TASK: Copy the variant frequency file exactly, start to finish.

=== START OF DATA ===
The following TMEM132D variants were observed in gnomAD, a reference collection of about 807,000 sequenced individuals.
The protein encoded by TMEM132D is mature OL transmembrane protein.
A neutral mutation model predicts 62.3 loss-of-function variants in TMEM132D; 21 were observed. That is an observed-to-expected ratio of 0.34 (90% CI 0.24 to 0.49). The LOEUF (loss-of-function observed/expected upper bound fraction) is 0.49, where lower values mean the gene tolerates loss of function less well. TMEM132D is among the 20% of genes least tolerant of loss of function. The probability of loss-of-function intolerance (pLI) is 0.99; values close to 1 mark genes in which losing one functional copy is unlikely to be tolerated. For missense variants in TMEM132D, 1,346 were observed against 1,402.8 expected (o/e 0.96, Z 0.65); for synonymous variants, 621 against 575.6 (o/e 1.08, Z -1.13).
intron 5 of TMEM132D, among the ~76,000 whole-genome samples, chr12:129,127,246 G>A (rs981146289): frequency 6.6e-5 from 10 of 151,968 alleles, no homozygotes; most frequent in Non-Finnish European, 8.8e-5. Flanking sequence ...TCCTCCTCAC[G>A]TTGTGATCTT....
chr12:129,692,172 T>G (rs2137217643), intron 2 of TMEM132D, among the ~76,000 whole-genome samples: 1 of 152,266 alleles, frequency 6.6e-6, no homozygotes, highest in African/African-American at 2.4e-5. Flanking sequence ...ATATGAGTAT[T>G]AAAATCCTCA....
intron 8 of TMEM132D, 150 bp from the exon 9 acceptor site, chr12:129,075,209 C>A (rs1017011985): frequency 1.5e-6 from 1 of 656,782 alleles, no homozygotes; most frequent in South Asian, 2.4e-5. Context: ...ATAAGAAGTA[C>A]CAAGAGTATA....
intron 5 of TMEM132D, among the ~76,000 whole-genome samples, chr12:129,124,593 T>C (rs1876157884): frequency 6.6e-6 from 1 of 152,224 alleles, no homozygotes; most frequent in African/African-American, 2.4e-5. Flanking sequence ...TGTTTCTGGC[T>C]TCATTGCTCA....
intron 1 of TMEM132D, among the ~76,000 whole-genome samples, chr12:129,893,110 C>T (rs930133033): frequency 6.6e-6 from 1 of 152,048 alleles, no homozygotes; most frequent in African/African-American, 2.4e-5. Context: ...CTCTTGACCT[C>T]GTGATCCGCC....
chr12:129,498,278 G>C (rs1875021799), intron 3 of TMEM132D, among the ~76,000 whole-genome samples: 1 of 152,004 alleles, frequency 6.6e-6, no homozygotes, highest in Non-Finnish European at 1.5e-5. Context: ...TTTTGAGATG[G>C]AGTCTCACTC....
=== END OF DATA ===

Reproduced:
The following TMEM132D variants were observed in gnomAD, a reference collection of about 807,000 sequenced individuals.
The protein encoded by TMEM132D is mature OL transmembrane protein.
A neutral mutation model predicts 62.3 loss-of-function variants in TMEM132D; 21 were observed. That is an observed-to-expected ratio of 0.34 (90% CI 0.24 to 0.49). The LOEUF (loss-of-function observed/expected upper bound fraction) is 0.49, where lower values mean the gene tolerates loss of function less well. TMEM132D is among the 20% of genes least tolerant of loss of function. The probability of loss-of-function intolerance (pLI) is 0.99; values close to 1 mark genes in which losing one functional copy is unlikely to be tolerated. For missense variants in TMEM132D, 1,346 were observed against 1,402.8 expected (o/e 0.96, Z 0.65); for synonymous variants, 621 against 575.6 (o/e 1.08, Z -1.13).
intron 5 of TMEM132D, among the ~76,000 whole-genome samples, chr12:129,127,246 G>A (rs981146289): frequency 6.6e-5 from 10 of 151,968 alleles, no homozygotes; most frequent in Non-Finnish European, 8.8e-5. Flanking sequence ...TCCTCCTCAC[G>A]TTGTGATCTT....
chr12:129,692,172 T>G (rs2137217643), intron 2 of TMEM132D, among the ~76,000 whole-genome samples: 1 of 152,266 alleles, frequency 6.6e-6, no homozygotes, highest in African/African-American at 2.4e-5. Flanking sequence ...ATATGAGTAT[T>G]AAAATCCTCA....
intron 8 of TMEM132D, 150 bp from the exon 9 acceptor site, chr12:129,075,209 C>A (rs1017011985): frequency 1.5e-6 from 1 of 656,782 alleles, no homozygotes; most frequent in South Asian, 2.4e-5. Context: ...ATAAGAAGTA[C>A]CAAGAGTATA....
intron 5 of TMEM132D, among the ~76,000 whole-genome samples, chr12:129,124,593 T>C (rs1876157884): frequency 6.6e-6 from 1 of 152,224 alleles, no homozygotes; most frequent in African/African-American, 2.4e-5. Flanking sequence ...TGTTTCTGGC[T>C]TCATTGCTCA....
intron 1 of TMEM132D, among the ~76,000 whole-genome samples, chr12:129,893,110 C>T (rs930133033): frequency 6.6e-6 from 1 of 152,048 alleles, no homozygotes; most frequent in African/African-American, 2.4e-5. Context: ...CTCTTGACCT[C>T]GTGATCCGCC....
chr12:129,498,278 G>C (rs1875021799), intron 3 of TMEM132D, among the ~76,000 whole-genome samples: 1 of 152,004 alleles, frequency 6.6e-6, no homozygotes, highest in Non-Finnish European at 1.5e-5. Context: ...TTTTGAGATG[G>C]AGTCTCACTC....